Nightlights displays and compares nighttime light data across 600,000 villages in India for every night over last 20 years. Working with the World Bank and the University of Michigan, we turned six billion data points extracted from terabytes of nighttime satellite imagery into useful, accessible data. From this complex data, we can see everything from political maneuvering to Diwali celebrations. The tool we built to visualize this data helps citizens, government officials, and development investors gain real insights into the impact of state-funded electrification projects.
Billions of dollars go into development projects that connect rural areas to the electricity grid. But years after they’re done, logistical and reporting barriers prevent clear assessment of how much electricity each village actually gets and how reliable it is. In the face of these challenges, satellite data offers a powerful combination of consistency, completeness, and objectivity.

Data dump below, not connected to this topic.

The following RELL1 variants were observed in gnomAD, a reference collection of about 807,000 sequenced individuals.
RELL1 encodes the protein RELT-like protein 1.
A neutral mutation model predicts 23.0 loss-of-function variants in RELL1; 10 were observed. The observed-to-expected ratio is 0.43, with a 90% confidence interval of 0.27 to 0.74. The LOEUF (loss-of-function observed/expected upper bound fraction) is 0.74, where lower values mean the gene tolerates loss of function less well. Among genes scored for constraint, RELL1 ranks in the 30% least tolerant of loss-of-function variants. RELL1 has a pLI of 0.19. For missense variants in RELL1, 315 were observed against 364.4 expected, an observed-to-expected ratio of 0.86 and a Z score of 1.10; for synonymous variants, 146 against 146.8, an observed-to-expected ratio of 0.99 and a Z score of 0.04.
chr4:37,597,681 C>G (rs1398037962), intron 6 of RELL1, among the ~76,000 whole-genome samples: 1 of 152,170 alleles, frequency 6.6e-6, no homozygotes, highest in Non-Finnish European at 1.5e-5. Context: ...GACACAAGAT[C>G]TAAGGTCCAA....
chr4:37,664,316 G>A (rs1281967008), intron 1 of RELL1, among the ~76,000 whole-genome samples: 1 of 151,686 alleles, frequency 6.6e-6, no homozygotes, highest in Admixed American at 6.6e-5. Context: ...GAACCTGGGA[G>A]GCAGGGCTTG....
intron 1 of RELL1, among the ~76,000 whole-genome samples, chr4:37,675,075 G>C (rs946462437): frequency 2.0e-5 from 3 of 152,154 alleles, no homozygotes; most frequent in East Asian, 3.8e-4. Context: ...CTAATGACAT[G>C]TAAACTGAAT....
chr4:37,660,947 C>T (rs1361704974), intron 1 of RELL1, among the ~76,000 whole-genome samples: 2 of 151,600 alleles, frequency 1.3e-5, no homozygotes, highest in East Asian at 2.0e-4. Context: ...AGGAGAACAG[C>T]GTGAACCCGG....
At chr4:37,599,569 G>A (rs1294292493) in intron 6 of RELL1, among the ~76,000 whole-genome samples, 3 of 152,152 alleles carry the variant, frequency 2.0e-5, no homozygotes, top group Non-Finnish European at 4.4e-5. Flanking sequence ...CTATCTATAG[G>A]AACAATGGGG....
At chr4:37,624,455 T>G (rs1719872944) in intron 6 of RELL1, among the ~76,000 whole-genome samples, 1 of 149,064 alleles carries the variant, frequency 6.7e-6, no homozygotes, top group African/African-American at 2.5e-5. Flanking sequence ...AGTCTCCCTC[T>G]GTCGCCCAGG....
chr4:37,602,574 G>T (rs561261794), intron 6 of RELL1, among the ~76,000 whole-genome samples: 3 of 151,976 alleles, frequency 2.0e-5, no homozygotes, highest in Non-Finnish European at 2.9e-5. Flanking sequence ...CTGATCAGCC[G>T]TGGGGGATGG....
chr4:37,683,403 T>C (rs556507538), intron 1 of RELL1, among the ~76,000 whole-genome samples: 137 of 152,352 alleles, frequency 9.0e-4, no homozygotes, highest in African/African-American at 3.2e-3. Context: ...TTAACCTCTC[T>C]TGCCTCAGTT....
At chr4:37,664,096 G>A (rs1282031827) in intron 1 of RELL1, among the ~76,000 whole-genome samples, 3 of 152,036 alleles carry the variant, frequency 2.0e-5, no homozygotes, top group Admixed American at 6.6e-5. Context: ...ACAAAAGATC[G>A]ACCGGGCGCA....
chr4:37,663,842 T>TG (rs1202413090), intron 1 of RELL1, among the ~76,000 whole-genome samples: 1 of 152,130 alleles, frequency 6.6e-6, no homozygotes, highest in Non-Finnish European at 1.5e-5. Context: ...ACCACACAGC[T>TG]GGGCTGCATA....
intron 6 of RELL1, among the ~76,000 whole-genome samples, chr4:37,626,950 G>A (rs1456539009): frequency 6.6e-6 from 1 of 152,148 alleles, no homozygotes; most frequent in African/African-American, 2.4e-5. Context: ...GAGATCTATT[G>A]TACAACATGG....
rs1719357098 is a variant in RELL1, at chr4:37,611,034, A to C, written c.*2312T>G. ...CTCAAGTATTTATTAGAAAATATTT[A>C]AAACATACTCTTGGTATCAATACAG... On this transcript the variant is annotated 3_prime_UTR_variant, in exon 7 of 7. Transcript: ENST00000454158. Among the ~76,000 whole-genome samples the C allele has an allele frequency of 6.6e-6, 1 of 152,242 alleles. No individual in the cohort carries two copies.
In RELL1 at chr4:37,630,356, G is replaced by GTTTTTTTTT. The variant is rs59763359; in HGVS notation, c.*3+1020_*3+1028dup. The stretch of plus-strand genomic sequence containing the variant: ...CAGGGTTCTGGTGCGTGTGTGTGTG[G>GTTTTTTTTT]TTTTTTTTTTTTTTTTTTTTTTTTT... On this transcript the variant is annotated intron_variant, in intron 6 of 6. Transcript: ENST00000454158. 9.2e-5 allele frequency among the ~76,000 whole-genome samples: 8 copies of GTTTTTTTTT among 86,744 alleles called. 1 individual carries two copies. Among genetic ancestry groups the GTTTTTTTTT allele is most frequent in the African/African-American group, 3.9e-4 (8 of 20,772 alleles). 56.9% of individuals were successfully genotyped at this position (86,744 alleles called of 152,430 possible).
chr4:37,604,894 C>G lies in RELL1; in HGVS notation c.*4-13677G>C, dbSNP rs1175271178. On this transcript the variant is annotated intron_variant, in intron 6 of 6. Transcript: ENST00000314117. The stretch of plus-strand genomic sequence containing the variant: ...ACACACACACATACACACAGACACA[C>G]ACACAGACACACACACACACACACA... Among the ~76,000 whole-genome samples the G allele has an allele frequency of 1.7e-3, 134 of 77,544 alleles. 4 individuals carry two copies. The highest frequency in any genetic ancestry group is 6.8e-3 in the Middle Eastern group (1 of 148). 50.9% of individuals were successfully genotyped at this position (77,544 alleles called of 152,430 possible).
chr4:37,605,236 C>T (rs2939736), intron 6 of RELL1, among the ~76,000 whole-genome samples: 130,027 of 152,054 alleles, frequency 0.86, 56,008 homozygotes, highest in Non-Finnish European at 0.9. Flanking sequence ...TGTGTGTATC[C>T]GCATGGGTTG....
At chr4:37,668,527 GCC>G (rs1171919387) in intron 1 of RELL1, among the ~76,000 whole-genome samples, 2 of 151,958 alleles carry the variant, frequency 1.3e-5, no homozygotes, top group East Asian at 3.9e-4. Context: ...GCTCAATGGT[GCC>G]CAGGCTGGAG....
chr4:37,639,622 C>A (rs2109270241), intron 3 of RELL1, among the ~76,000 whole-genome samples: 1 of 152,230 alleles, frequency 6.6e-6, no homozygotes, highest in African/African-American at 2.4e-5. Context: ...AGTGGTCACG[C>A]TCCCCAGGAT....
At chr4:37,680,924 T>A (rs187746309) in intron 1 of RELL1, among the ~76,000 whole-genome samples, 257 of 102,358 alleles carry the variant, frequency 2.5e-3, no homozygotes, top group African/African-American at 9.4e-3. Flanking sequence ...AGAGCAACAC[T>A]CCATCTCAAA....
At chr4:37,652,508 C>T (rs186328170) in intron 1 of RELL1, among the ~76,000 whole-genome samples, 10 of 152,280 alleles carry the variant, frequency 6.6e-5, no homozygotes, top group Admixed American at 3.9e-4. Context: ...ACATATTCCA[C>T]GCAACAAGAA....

The Defense Meteorological Satellite Program (DMSP) has captured 10,000 satellite images of India over the last 20 years. We took this raw data — digitized by NOAA and analyzed by the Researchers at University of Michigan — and visualized it to help people draw conclusions about the change in electrification over time. To do this with such an enormous dataset, we used an Amazon RedShift cluster to calculate the monthly median light output for each village, district, and region in India, and then exposed this aggregate data in an open API. Finally, we built a fast and user friendly interface for the data, featuring an interactive map powered by Mapbox GL and vector tiles. These modern web mapping tools enabled us to create a map that seamlessly shows the light output for tens of thousands of villages at once, responding instantly as the user navigates through the twenty-year timespan.
Nightlights is a great example of how visualizing data can make a big impact and how a large dataset can be transformed into a usable, informative interface. Play with the tool to see for yourself.